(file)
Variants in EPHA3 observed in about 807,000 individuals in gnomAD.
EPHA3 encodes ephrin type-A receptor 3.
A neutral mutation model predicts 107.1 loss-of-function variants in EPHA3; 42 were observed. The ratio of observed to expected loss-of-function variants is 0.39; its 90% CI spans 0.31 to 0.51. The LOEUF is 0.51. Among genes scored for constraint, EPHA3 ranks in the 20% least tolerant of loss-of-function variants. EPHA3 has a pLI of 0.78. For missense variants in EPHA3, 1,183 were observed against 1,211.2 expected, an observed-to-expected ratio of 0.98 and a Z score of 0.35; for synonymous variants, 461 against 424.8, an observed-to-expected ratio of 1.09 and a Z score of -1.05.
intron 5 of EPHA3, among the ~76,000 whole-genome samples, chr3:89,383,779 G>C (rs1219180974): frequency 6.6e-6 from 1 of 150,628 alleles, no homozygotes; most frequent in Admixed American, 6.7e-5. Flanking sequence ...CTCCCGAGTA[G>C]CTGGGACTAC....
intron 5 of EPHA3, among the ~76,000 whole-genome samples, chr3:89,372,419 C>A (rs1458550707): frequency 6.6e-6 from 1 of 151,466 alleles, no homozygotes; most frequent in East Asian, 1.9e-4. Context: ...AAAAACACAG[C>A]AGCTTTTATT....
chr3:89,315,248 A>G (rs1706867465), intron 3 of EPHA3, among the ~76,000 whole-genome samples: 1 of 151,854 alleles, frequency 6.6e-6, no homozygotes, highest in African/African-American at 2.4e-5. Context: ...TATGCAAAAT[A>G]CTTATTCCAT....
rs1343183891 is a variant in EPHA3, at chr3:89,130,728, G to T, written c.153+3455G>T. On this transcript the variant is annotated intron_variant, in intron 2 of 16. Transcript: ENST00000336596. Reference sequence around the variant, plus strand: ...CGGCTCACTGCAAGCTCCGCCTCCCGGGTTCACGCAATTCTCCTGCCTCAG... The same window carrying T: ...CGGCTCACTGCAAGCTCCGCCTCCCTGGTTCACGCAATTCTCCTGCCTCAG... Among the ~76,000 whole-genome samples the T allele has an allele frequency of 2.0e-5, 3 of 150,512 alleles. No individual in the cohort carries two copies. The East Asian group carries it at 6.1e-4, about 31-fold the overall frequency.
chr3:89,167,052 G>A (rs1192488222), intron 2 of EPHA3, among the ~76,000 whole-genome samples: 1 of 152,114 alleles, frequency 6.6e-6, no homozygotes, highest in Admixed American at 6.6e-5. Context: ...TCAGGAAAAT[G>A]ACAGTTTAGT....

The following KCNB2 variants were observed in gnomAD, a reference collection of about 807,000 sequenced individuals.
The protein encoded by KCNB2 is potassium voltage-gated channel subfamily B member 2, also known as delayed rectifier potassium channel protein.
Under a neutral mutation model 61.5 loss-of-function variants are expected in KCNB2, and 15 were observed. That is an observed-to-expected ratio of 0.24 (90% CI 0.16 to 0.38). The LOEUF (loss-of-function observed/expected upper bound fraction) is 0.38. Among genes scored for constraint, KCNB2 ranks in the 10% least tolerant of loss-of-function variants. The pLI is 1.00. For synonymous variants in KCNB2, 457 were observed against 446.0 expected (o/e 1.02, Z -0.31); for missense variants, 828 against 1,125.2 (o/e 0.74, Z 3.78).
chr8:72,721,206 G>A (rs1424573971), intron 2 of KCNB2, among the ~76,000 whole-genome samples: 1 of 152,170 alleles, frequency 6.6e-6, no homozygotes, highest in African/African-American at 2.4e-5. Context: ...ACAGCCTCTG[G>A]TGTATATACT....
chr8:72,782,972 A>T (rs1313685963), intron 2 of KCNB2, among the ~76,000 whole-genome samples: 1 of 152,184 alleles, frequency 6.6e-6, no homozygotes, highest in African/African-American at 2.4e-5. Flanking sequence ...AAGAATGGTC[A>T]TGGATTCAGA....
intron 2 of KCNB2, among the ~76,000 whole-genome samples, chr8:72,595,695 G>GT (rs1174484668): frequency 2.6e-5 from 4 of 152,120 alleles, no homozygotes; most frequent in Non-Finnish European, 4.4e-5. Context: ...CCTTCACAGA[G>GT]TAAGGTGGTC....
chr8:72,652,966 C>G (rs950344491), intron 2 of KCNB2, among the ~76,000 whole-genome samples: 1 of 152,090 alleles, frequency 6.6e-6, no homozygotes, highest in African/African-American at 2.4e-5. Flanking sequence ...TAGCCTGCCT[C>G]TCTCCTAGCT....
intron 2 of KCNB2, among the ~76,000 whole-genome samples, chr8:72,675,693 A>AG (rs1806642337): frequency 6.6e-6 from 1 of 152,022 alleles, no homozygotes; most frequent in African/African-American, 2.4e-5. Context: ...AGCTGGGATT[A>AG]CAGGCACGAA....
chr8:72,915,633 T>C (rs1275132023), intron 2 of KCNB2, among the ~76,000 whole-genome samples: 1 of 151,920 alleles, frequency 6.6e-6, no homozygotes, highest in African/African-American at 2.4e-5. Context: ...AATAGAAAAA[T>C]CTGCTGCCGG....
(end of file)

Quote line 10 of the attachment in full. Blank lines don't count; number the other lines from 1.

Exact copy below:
The protein encoded by KCNB2 is potassium voltage-gated channel subfamily B member 2, also known as delayed rectifier potassium channel protein.